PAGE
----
Offshore processing is vital to border protection. Orderly immigration, including accepting people seeking asylum, is the only fair way to manage immigration in this country. And we are generous in our humanitarian intake. Per capita, we are second in the world for the number of people to whom we open our arms. But other arrivals, not asylum seekers, but queue jumpers, illegal entrants or visa overstayers—these are the people who are cheating the system, making it harder for genuine and real asylum seekers to gain a place in Australia where they can live in peace, raise their families with quality education, health care and housing, and contribute to our country in their many and unique ways.

Australia has reached our largest offshore intake in more than 30 years. We have provided a generous humanitarian response to the ongoing crisis in Syria, agreeing to take in an additional 12,000 Syrian refugees. As I mentioned, we have resettled people through our refugee resettlement deal with the United States. Yet Labor still persist with their policy of supporting the medevac laws that were pushed through last year, which we know weaken the border protection regime that has been proven to stop people smuggling in this country. And what they describe as a pretty modest piece of legislation is akin to unlocking the door and leaving it ajar.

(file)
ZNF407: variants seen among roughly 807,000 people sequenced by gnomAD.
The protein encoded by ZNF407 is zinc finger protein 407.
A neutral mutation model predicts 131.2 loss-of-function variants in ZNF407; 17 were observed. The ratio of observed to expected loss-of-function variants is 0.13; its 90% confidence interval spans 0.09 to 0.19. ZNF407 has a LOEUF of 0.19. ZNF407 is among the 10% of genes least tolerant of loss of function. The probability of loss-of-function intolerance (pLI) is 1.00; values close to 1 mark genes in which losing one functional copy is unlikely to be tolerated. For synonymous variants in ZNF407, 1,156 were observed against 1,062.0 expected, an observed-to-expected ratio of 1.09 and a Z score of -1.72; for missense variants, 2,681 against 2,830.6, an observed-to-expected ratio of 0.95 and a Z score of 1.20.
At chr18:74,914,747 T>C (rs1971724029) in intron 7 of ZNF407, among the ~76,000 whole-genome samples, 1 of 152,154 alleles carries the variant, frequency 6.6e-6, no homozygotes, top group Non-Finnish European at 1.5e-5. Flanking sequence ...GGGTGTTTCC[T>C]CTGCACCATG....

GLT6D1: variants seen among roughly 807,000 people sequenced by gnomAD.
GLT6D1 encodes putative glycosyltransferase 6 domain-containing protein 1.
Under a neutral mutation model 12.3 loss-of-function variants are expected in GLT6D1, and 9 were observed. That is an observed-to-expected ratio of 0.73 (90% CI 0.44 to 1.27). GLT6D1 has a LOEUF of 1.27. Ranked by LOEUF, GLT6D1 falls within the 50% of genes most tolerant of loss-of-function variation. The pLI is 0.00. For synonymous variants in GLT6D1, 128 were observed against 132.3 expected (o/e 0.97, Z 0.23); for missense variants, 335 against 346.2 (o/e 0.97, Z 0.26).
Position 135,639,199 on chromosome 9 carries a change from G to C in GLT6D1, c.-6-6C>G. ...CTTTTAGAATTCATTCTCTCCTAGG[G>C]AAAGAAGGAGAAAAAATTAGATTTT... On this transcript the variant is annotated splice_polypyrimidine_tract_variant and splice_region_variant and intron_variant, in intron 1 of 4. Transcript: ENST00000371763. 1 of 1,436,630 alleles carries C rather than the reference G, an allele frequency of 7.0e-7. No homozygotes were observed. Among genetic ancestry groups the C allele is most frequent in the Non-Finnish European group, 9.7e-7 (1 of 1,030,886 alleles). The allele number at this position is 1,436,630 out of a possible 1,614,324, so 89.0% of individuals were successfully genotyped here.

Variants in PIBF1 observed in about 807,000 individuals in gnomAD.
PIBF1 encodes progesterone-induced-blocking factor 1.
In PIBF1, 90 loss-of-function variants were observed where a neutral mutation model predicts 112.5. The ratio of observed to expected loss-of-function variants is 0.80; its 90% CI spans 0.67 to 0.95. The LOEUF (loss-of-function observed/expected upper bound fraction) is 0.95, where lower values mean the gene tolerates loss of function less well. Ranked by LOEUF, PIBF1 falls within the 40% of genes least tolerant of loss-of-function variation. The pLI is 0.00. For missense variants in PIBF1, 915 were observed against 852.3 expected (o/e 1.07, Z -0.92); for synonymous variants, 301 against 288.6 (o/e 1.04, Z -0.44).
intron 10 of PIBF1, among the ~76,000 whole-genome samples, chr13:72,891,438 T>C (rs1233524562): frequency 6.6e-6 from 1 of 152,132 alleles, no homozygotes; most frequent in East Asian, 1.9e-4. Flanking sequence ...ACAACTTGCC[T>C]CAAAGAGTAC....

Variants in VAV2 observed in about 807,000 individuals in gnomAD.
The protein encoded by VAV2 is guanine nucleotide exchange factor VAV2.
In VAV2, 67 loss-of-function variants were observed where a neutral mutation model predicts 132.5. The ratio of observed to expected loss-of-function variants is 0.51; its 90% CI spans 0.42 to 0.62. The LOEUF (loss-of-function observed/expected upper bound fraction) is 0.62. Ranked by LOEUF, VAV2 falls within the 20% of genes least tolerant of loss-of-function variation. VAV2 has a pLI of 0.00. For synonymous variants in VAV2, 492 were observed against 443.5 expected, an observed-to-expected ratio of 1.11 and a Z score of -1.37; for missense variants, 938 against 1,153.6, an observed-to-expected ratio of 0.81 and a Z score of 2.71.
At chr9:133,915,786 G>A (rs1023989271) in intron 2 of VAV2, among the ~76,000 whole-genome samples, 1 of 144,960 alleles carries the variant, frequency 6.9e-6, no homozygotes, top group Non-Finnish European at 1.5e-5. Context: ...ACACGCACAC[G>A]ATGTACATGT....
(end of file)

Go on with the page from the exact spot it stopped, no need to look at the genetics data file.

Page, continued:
The medevac laws remove the minister's ability to stop people accused of serious crimes and people without identity documents coming to Australia. Once they're here they can't be returned; they use the courts to push their case to stay. In a demonstration of the law of unintended consequences in action, the Federal Court has ruled that the two treating doctors that are only required to review a detainee's case files in order to approve a medical transfer don't even have to physically see a patient before making the call that they simply must come to Australia. Really, who didn't see this coming?